Traffic jams costing big money

Congestion on the region's road could cost people and businesses £2bn a year by 2021 - double the present levels - unless radical action is taken to ease gridlock.

Congestion on the region's road could cost people and businesses £2bn a year by 2021 - double the present levels - unless radical action is taken to ease gridlock.

That is the verdict of a study by the East of England Development Agency (Eeda) launched at a regional transport summit in Newmarket yesterday.

The report, the first of its kind in the UK, identifies a number of congestion corridors that should be tackled to keep the region moving.

It says the focus should be concentrated on trouble-spots close to London and Cambridge.


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And it suggests improving rail services between the capital and Norwich by introducing longer trains out of Liverpool Street and upgrading the line.

This, the study team says, would have a greater return in terms of boosting productivity than any other route in the region because of the city's strength as a financial sector.

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The study attempts to calculate the losses in productivity caused by delays to businesses and individuals and estimates that 85pc of the costs of congestion are borne in the region's seven “engines of growth”, including Norwich.

It also makes a series of assumptions by 2021 including:

Dualling of the A11 between Thetford and Fiveways roundabout at Barton Mills.

Dualling of the the A47 between Blofield and North Burlingham.

Completion of the proposed Norwich northern bypass.

Richard Ellis, chairman of Eeda, said the study provided the economic evidence to support the region's case for continued investment in the transport network.

“The study is important, not just in the region but nationally as well, because the East of England is one of only three regional net contributors to UK plc,” he said.

“Maintained investment in the region's transport network is, therefore, vital to the national economy and to help businesses compete in a global market place.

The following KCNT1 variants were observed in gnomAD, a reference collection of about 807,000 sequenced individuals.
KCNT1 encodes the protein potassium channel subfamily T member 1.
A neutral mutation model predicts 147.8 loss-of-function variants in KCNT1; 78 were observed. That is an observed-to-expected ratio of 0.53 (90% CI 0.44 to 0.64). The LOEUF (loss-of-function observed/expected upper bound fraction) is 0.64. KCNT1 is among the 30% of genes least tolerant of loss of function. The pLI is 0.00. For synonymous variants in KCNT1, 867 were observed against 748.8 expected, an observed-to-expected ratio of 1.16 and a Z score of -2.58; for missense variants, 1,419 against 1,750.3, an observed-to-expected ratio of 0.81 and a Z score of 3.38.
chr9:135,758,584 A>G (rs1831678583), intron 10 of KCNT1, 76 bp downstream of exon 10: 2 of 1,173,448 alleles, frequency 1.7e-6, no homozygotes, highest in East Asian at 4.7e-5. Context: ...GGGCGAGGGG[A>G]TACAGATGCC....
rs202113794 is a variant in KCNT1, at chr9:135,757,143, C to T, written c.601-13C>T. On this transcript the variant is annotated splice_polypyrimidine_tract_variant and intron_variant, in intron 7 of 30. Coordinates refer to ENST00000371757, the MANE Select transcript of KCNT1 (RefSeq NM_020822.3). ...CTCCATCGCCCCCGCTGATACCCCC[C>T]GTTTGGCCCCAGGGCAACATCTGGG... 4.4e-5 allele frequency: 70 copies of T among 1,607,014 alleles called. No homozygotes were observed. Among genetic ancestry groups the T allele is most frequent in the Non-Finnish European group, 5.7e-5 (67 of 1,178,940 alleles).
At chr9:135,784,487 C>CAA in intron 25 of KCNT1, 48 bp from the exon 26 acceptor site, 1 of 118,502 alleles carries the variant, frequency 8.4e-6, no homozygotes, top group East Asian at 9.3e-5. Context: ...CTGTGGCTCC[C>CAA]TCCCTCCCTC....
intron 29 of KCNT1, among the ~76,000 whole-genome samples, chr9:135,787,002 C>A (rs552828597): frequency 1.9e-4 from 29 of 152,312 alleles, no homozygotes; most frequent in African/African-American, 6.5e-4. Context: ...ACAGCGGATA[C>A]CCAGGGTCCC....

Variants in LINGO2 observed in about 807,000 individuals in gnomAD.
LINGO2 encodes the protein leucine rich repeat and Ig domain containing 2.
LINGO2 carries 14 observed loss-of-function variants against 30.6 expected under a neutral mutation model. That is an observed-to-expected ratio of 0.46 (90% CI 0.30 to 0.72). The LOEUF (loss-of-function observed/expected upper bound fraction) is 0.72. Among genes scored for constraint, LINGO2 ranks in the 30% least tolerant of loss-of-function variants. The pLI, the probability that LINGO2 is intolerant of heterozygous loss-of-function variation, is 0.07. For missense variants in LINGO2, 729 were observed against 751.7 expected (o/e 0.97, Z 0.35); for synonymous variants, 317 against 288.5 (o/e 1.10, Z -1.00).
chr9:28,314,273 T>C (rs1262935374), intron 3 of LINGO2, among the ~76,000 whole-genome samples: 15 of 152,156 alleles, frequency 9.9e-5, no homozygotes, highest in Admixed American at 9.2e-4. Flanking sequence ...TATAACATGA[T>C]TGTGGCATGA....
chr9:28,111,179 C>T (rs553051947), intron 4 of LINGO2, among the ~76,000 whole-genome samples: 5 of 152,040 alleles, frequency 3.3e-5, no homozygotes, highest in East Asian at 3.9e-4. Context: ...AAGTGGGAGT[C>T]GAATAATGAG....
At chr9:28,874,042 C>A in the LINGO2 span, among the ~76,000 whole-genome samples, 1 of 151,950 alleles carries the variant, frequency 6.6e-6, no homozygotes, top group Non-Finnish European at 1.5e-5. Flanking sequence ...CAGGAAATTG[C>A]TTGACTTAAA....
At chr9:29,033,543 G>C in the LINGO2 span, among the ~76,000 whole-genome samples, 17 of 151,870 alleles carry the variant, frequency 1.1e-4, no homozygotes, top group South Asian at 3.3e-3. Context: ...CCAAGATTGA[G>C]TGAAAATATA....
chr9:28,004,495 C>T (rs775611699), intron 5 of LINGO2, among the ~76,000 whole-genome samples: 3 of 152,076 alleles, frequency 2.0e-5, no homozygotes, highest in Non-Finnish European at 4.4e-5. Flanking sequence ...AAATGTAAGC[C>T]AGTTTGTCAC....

“Investment in transport is critical to supporting the regional and national economy, but, equally, working smarter and managing demand will be key to unlocking economic growth. It now time for all of us to get behind our regional transport campaign to lobby for a more reliable, effective and safer transport network for benefit of all who live, work and invest in the East of England.”

Barbara Follett, minister for the East of England, said there was a need to develop and implement more innovative approaches, such as opening the hard shoulder on motorways when traffic was at its heaviest, alongside some conventional road widening where that made best sense.

“We need to be smart about new investment in our infrastructure, and I look forward to passing on some good ideas and suggestions that arise from our work here today,” she said.

Richard Bindless, director of the East of England Business Group, said: “For years, transport infra-structure inadequacies have held back this region's economy, damaging the competitiveness and profitability of our company base.

“This study provides a sound basis for targeting investment to greatest effect and also provides a strong rationale for addressing the problem of congestion in new ways.”

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